Tuesday, March 26, 2013

Separation of what and what?

What do folks mean by "separation of church and state"?

Thomas Jefferson first wrote these words to the Danbury Baptists as assurance that a state religion would not be created, and each American would be able to worship in the manner of their choosing:

"Believing with you that religion is a matter which lies solely between Man & his God, that he owes account to none other for his faith or his worship, that the legitimate powers of government reach actions only, & not opinions, I contemplate with sovereign reverence that act of the whole American people which declared that their legislature should 'make no law respecting an establishment of religion, or prohibiting the free exercise thereof,' thus building a wall of separation between Church & State." (Read it in its entirety on the Library of Congress website.)

Sadly, Jefferson's statement of religious freedom has become a statement of religious oppression, in essence: "Americans, check your religion at the door. Religious Americans must stop being religious when they express their opinions about American law!"

This is the opposite of what Jefferson presented.

It is unconstitutional to prohibit the free exercise of religion at any time, including when people vote. We all take our identity and experiences--and our resultant worldview--to the polls. There is nothing more American than the right of each individual to vote or opine their conscience.


Fr. Francis Zanger (medically -retired chaplain) said...

Re: Separation of Church & State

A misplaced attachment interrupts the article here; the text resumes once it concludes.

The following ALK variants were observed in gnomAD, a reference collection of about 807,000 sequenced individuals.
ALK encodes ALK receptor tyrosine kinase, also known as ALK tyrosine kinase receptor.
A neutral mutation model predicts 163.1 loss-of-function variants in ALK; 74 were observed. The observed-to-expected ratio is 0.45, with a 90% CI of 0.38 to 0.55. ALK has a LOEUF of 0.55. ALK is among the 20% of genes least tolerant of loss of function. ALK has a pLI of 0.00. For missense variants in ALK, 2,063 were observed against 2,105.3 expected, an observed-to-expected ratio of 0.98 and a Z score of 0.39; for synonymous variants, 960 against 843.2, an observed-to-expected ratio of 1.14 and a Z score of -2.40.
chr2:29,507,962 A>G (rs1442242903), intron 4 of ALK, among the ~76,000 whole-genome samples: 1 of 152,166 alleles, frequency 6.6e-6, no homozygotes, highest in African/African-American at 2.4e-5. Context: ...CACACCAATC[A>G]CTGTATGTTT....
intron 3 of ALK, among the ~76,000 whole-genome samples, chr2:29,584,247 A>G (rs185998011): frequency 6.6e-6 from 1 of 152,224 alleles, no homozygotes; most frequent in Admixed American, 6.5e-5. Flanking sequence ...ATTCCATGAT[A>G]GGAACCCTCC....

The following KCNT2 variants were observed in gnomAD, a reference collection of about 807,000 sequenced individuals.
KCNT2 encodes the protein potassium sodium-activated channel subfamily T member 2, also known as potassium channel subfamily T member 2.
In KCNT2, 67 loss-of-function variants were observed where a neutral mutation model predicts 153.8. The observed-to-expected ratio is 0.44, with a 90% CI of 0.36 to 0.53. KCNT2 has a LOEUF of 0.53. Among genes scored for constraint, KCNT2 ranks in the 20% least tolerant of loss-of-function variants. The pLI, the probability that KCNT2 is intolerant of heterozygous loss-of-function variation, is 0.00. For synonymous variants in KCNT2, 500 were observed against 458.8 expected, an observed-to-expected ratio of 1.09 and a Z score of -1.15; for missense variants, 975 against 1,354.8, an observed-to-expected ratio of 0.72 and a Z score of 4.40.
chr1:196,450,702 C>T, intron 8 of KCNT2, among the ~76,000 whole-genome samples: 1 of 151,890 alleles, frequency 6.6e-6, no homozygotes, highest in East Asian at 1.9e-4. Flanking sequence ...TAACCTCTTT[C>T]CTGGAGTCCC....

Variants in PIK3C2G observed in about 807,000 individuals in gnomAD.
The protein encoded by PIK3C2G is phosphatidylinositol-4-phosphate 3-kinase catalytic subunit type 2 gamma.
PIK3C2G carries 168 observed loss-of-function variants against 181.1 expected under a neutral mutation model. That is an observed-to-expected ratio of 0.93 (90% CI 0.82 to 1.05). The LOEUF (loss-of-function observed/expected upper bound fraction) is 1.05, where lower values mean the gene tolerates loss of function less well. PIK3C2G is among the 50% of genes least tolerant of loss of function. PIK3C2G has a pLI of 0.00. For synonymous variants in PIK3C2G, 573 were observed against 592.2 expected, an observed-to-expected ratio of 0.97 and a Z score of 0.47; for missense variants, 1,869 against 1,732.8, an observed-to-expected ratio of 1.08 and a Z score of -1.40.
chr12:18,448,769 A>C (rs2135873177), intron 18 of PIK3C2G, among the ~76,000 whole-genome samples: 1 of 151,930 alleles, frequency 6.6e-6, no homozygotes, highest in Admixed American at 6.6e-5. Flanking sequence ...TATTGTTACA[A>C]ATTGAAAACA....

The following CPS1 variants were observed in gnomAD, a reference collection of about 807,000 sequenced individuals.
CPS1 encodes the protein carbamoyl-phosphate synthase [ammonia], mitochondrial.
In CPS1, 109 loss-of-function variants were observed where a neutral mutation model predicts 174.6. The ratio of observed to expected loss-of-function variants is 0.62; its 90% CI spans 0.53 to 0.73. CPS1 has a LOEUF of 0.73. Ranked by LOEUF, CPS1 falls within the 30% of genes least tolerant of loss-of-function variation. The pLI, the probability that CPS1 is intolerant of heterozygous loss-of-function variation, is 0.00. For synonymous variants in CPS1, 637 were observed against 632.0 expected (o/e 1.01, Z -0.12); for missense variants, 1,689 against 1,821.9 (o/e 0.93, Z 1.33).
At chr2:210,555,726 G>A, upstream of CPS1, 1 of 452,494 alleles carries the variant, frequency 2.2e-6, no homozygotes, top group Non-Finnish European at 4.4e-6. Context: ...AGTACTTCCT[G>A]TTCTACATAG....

The exception that proves the rule is the hundreds of military (and federal prison) chaplains, all ordained clergy nominated by their denominations, and paid by the taxpayers to provide religious services and support for members of their own faith groups while supporting and facilitating all other faiths on their religious observance. [On one "boomer" that I served as chaplain, I had five 'Lay Leaders' representing five diverse faith groups-- when I rode her, in addition to my Eucharist, I attended brief services led by a Roman Catholic ensign, a Baptist chief petty officer, and by Mormon and a Wiccan petty officers. The last two had only 3-4 attendees, but the chaplain's role is to support and facilitate everybody's faith preferences, whether we like or approve of them or not.

Which means the taxpayers were paying me to preach (without my bosses being allowed to tell me what I could or couldn't say from the pulpit!), while yet being open to the government's violating the chaplain's Constitutional right not to have to support religions antithetical to my own.

The ironies abound.

Bob said...

Hello. I looked at this topic in a more literalist (though still Christian) view on my own blog. BTW, I came across your blog while looking into the Daniel Fast.